All charm, heart and hilarity, Palm Springs is one of the year’s best films – and it’s not playing in cinemas.
Starring Andy Samberg and Cristin Milioti, the Groundhog Day-inspired rom-com starts streaming today on Amazon Prime Video and it’s every bit as winning and seductive as you’d hoped.
It’s not just that it makes you laugh with its goofy sense of humour or captivates with its unlikely love story between two broken people, it’s that it plays with a beloved genre to offer not a happily ever after but a clever “what if?”.
The strong, charismatic performances and the snappy dialogue would be enough to carry Palm Springs, but then you throw in its careful balance of existential crisis and joyful, life-affirming epiphanies, and you have an absolute cracker of a movie experience.
Nyles (Samberg) is a guest at a wedding in Palm Springs, where his girlfriend Misty (Meredith Hagner) is a bridesmaid. The day is November 9.
He doesn’t seem as invested in the day as everyone else and shows up to the ceremony in board shorts and a Hawaiian shirt. At the reception that night, he locks eyes with Sarah (Milioti), the sister of the bride, while moving through the dancing crowd as if he can anticipate their every move.
That’s because he can. Nyles has been stuck in a time loop – the day of the wedding – for long enough so that he can’t even remember what he used to do for work before his purgatorial existence.
When Sarah accidentally follows Nyles into a glowing cave in the Palm Springs desert on that particular loop, she wakes up on November 9, now also stuck in the loop. Attempts to escape the loop – staying awake as long as she can, driving back to Texas, killing herself – all have the same effect, reset and waking up on the morning of the wedding.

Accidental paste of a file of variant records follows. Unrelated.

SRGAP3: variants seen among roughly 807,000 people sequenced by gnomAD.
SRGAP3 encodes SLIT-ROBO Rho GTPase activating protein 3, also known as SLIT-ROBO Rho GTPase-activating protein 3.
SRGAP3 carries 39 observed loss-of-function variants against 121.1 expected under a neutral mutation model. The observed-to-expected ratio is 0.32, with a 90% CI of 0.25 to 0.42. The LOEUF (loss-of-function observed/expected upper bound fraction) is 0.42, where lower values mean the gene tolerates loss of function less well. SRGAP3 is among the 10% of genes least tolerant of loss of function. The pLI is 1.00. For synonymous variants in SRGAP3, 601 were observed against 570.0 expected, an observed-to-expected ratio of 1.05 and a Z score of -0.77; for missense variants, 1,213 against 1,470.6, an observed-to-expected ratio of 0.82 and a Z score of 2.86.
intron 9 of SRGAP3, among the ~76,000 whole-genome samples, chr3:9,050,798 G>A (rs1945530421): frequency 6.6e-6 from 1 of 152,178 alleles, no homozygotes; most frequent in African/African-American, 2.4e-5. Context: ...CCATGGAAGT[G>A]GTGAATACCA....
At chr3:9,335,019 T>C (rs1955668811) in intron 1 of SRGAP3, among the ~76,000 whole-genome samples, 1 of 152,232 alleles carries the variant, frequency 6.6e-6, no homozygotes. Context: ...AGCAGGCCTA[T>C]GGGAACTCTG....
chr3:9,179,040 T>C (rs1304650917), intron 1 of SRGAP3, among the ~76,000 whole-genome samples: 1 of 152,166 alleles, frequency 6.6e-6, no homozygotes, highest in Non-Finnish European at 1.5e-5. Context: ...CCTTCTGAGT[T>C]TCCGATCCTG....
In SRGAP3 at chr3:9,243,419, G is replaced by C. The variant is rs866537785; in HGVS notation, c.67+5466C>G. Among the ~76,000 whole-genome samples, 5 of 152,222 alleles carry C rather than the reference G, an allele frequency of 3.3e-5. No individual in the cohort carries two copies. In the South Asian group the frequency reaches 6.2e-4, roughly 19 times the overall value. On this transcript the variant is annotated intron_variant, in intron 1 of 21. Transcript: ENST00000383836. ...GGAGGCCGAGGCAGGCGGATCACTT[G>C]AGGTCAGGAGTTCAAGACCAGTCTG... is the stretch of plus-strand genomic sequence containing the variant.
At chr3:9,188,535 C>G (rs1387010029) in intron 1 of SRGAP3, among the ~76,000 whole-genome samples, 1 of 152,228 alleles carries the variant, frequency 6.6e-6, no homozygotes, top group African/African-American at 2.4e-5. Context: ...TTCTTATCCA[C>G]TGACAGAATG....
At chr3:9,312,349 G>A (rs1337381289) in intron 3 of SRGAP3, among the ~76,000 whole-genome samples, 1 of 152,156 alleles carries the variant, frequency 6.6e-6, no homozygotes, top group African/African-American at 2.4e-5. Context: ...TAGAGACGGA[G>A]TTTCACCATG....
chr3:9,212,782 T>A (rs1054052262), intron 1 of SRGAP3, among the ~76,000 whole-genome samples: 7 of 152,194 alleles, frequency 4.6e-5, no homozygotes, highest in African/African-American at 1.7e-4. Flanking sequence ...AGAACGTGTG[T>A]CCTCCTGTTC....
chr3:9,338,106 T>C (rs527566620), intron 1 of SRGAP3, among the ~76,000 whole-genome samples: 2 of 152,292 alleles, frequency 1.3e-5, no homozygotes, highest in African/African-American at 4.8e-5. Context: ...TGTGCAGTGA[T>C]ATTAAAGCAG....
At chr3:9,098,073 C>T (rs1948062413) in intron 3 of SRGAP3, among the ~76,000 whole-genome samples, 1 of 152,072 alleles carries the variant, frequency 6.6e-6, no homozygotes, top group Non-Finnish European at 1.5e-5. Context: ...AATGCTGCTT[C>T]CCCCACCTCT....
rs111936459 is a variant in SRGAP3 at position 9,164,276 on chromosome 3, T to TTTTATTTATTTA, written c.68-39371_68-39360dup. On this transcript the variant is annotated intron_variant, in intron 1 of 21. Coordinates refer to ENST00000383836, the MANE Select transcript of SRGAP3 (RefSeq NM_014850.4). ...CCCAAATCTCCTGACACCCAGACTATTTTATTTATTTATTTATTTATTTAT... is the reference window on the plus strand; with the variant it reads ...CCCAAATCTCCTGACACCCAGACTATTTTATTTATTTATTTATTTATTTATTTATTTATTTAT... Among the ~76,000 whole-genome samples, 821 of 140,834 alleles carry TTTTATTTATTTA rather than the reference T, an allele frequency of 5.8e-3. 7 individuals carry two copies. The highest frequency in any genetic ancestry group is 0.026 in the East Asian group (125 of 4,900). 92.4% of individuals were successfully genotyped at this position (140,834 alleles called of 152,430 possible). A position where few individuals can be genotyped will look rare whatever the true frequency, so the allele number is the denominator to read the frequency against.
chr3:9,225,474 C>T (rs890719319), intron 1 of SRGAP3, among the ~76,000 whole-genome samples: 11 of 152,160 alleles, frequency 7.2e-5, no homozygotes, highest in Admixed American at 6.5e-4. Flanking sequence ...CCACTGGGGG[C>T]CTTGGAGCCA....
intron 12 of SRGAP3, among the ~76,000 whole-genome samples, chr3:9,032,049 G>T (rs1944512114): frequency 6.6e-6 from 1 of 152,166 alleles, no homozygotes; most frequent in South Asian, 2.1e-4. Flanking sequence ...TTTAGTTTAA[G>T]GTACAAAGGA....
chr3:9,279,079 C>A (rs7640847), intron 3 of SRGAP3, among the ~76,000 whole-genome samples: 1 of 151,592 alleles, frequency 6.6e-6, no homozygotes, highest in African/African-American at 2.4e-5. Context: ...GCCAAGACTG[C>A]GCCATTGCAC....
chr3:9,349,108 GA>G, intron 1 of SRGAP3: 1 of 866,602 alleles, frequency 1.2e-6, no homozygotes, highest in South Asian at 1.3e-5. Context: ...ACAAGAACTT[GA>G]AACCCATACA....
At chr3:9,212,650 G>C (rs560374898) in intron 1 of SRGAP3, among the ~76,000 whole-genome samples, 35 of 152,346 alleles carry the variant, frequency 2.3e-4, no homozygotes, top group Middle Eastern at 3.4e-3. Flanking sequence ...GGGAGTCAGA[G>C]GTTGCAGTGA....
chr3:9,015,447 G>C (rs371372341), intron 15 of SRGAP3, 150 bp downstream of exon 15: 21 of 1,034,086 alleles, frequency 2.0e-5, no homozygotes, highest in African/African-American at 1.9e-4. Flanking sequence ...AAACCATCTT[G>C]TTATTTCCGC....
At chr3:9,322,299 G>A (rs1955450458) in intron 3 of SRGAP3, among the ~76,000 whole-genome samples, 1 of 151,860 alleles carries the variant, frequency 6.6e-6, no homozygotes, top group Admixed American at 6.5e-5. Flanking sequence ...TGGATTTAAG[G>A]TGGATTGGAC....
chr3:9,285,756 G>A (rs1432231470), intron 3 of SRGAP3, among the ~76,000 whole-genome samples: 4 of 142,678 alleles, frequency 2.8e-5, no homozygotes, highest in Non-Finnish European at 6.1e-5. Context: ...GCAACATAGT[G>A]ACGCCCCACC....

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Nyles has been in the loop for so long, he feels his life has lost all consequence – that is until he and Sarah spend their days together.
As much as Palm Springs is driven by the clever plot device about the time loop and whether or not Nyles and Sarah will ever break free of it, the real heart of it is these two characters.
Nyles, having given up on a meaningful life, is reawakened by Sarah. He may have been surrounded by people for decades, but he’s been lonely as hell – except for when the one other person also in the loop, Roy (J.K. Simmons) literally hunts him down.
Sarah is broken in other ways. A chain of bad life decisions led her to where she wakes up each morning, the exact nature of which is only revealed later.
Nyles and Sarah find solace, redemption and the connection they’ve both been missing. But Palm Springs is not a story of two lost souls finding each other because there is no one else – well, it could be if you were a glass half-empty kind of person.
Their relationship isn’t simple, there are challenges and half-truths, things they’re keeping from themselves as much as each other – and that’s true of any real-world relationship.
But they’re also on the same wavelength which is crazy fun for the audience, especially a montage in where they truly go for it in a world with no memory. Those parts of the movie are so loose and delightful.
What Palm Springs really nails though, and where many rom-coms fall apart or deflate, is in its ending which lives up to a promise but is also open-ended enough that two people in the same room will have different opinions on what they just saw.
It might seem like some perverse tease for audiences that there is a movie out now about people stuck in the same place, repeating the same experiences. In a year when many have endured hard lockdowns, witnessed social disorder and seen truth and empathy discarded like a crumpled chip packet, it has an eerie resonance.
So, when Nyles says early on in the film, “I decided a while ago to give up and stop trying to make sense of things all together, the only way to live is to embrace the fact that nothing matters,” you hope Palm Springs will find a way for him to come back from that – a promise that we all can.
Isn’t it time for everything to mean something again?
Palm Springs is streaming now on Amazon Prime Video
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